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House to require reporting every three months on Obama's Syria plan

WASHINGTON, DC - SEPTEMBER 12: U. S. President Barack Obama speaks during an AmeriCorps Pledge ceremony on the South Lawn of the White House September 12, 2014 in Washington, DC. Former U.S. President Bill Clinton, who established the program and swore in the first class in 1994, joined President Obama to celebrate the 20th anniversary of the national service program. Alex Wong/Getty Images

The House Armed Services Committee on Monday introduced language that authorizes President Barack Obama to arm and train Syrian fighters against the Islamic State, but it also requires the administration to provide progress reports every three months.

The committee proposed the language as an amendment to a short-term government funding bill that the House is expected to pass this week. But as expected, Republicans were thought to be adding language that requires the Obama administration to give Congress constant updates about how its plan to arm Syrian rebels is faring.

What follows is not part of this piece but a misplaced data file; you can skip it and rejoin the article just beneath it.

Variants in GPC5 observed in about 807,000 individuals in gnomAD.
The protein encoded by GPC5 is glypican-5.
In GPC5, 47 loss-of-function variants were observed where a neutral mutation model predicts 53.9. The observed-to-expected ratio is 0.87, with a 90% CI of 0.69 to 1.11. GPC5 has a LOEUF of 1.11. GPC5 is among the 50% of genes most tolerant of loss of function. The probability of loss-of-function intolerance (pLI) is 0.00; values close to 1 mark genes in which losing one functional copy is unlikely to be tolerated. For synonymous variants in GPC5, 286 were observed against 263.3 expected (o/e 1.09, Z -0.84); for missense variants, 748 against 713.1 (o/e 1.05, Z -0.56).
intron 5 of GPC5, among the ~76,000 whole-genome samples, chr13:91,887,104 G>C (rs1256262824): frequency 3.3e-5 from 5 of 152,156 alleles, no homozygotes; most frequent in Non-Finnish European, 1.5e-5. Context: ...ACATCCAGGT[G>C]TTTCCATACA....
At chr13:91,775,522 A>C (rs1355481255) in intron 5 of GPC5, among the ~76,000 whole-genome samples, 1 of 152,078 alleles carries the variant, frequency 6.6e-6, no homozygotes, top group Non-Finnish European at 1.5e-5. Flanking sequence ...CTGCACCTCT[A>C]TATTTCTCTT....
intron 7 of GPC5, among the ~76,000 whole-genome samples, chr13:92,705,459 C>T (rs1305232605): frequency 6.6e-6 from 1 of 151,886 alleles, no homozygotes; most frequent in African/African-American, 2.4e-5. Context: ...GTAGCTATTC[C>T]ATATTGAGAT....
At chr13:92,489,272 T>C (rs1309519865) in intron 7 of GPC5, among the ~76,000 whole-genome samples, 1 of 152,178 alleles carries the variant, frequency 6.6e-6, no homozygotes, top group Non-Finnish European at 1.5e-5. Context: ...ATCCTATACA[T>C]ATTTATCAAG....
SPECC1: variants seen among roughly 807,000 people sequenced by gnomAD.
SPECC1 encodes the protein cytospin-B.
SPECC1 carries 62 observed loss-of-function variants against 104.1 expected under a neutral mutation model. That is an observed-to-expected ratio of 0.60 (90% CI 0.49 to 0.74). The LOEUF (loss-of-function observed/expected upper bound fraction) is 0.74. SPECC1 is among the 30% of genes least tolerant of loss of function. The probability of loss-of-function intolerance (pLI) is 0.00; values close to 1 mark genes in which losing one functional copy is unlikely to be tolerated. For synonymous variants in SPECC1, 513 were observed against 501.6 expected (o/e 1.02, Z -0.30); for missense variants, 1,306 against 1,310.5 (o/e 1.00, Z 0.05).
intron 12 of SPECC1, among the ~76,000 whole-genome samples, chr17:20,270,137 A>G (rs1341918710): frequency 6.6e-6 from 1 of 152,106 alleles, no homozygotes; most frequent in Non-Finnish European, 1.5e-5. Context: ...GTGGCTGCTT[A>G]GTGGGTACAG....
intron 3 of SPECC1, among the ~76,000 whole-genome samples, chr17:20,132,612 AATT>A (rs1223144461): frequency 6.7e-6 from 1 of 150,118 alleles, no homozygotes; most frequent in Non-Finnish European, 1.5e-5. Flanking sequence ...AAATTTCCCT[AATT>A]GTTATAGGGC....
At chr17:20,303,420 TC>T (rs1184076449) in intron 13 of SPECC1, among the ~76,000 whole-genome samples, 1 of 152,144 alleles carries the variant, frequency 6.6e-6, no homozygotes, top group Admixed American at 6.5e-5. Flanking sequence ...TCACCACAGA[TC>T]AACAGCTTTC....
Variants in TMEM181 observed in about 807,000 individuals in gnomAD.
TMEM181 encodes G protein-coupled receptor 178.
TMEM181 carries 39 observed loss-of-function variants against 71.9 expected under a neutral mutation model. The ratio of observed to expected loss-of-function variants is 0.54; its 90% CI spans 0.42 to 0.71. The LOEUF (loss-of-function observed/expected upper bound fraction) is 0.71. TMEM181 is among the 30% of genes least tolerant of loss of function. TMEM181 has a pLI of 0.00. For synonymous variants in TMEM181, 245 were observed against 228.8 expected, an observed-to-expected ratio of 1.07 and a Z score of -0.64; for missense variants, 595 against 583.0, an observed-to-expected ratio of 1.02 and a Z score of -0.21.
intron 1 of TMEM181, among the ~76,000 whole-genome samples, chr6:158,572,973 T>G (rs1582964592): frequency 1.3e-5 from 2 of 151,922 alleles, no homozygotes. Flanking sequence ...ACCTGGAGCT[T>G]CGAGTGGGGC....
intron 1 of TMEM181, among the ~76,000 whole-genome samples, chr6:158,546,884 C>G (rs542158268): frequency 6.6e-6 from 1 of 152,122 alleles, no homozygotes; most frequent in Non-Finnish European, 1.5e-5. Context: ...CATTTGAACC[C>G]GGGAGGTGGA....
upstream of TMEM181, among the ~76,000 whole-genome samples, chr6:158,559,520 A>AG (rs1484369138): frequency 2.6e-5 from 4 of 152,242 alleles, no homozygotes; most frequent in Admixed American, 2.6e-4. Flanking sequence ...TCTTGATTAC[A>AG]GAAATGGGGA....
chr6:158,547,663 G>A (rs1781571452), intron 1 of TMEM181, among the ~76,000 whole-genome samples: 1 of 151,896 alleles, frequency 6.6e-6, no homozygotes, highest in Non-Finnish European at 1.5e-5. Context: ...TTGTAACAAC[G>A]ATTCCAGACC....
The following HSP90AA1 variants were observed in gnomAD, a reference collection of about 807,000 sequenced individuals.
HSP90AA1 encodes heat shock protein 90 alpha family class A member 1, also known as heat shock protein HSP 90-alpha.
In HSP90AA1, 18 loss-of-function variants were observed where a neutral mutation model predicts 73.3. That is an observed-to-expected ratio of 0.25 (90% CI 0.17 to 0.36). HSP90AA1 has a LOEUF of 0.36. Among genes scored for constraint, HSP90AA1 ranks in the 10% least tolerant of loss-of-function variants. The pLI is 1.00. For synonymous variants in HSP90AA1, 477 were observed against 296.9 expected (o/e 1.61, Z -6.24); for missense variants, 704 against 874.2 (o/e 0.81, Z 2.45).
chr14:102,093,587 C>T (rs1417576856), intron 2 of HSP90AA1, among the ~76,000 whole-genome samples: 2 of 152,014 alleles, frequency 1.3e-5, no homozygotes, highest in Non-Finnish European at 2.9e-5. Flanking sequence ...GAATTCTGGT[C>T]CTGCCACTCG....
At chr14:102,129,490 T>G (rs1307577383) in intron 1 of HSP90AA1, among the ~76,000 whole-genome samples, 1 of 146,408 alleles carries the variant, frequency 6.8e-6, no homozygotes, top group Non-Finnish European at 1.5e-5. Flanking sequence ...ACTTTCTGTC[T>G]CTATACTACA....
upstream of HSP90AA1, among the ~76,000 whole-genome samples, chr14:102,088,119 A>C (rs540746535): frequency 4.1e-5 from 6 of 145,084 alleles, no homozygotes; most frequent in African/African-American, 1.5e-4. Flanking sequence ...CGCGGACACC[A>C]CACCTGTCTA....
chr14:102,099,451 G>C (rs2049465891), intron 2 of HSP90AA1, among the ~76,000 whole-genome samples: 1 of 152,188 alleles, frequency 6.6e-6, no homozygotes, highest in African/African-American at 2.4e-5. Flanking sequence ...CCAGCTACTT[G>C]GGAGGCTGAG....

President Barack Obama will get his Syria authorization, but it will require the administration to update Congress with periodic progress reports. Alex Wong/Getty Images

The language released late Monday authorizes the administration to train and equip "appropriately better elements" of the Syrian opposition and "other appropriately vetted Syrian groups."

Those groups are ones that defend people from attacks by the Islamic State, protect U.S. and its allies from terrorist, and promoting the conditions for a negotiated settlement to end the fighting in Syria, according to the amendment.

The language requires the Defense Department to report to Congress within 15 days after first providing training or equipment. That report must include a plan for the aid, details on how groups are being vetted, and details on what monitoring exists to ensure there is no unauthorized end use of the equipment sent.

Plan must also include timelines, the number of U.S. troops involved, and other details. Then, every 90 days, the Defense Department must provide progress reports that include changes to the plan, details on the groups, and others.

The language doesn't provide any funding, but it allows the Defense Department to ask Congress to reprogram funds in order to carry out its operations.

Read a copy of the short Syria amendment here:

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